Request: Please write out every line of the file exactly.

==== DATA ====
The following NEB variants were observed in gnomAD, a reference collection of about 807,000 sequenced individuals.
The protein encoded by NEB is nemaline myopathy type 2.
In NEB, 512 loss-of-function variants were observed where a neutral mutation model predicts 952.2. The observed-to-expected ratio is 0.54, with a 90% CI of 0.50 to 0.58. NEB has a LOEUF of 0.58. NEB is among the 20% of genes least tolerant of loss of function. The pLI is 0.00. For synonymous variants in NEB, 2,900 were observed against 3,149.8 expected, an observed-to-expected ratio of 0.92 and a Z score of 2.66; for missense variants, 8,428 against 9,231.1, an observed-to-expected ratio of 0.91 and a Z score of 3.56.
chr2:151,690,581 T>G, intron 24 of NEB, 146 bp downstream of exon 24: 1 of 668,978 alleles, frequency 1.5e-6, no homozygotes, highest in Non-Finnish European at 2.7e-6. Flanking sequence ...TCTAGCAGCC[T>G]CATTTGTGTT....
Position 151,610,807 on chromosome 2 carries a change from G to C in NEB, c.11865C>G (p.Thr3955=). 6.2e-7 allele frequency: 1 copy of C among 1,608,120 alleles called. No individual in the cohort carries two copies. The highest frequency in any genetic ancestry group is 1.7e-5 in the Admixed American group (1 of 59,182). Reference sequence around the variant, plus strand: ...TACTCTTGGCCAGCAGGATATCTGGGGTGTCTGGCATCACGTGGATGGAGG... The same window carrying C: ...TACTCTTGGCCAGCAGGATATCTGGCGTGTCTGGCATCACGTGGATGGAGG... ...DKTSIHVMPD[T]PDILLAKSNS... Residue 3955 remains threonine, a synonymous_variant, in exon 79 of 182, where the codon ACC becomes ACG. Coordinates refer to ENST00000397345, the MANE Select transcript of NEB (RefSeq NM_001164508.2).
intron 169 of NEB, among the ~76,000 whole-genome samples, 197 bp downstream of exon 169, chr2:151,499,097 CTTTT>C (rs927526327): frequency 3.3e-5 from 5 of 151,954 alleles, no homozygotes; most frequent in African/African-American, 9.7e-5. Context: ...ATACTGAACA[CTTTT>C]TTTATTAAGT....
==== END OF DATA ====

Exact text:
The following NEB variants were observed in gnomAD, a reference collection of about 807,000 sequenced individuals.
The protein encoded by NEB is nemaline myopathy type 2.
In NEB, 512 loss-of-function variants were observed where a neutral mutation model predicts 952.2. The observed-to-expected ratio is 0.54, with a 90% CI of 0.50 to 0.58. NEB has a LOEUF of 0.58. NEB is among the 20% of genes least tolerant of loss of function. The pLI is 0.00. For synonymous variants in NEB, 2,900 were observed against 3,149.8 expected, an observed-to-expected ratio of 0.92 and a Z score of 2.66; for missense variants, 8,428 against 9,231.1, an observed-to-expected ratio of 0.91 and a Z score of 3.56.
chr2:151,690,581 T>G, intron 24 of NEB, 146 bp downstream of exon 24: 1 of 668,978 alleles, frequency 1.5e-6, no homozygotes, highest in Non-Finnish European at 2.7e-6. Flanking sequence ...TCTAGCAGCC[T>G]CATTTGTGTT....
Position 151,610,807 on chromosome 2 carries a change from G to C in NEB, c.11865C>G (p.Thr3955=). 6.2e-7 allele frequency: 1 copy of C among 1,608,120 alleles called. No individual in the cohort carries two copies. The highest frequency in any genetic ancestry group is 1.7e-5 in the Admixed American group (1 of 59,182). Reference sequence around the variant, plus strand: ...TACTCTTGGCCAGCAGGATATCTGGGGTGTCTGGCATCACGTGGATGGAGG... The same window carrying C: ...TACTCTTGGCCAGCAGGATATCTGGCGTGTCTGGCATCACGTGGATGGAGG... ...DKTSIHVMPD[T]PDILLAKSNS... Residue 3955 remains threonine, a synonymous_variant, in exon 79 of 182, where the codon ACC becomes ACG. Coordinates refer to ENST00000397345, the MANE Select transcript of NEB (RefSeq NM_001164508.2).
intron 169 of NEB, among the ~76,000 whole-genome samples, 197 bp downstream of exon 169, chr2:151,499,097 CTTTT>C (rs927526327): frequency 3.3e-5 from 5 of 151,954 alleles, no homozygotes; most frequent in African/African-American, 9.7e-5. Context: ...ATACTGAACA[CTTTT>C]TTTATTAAGT....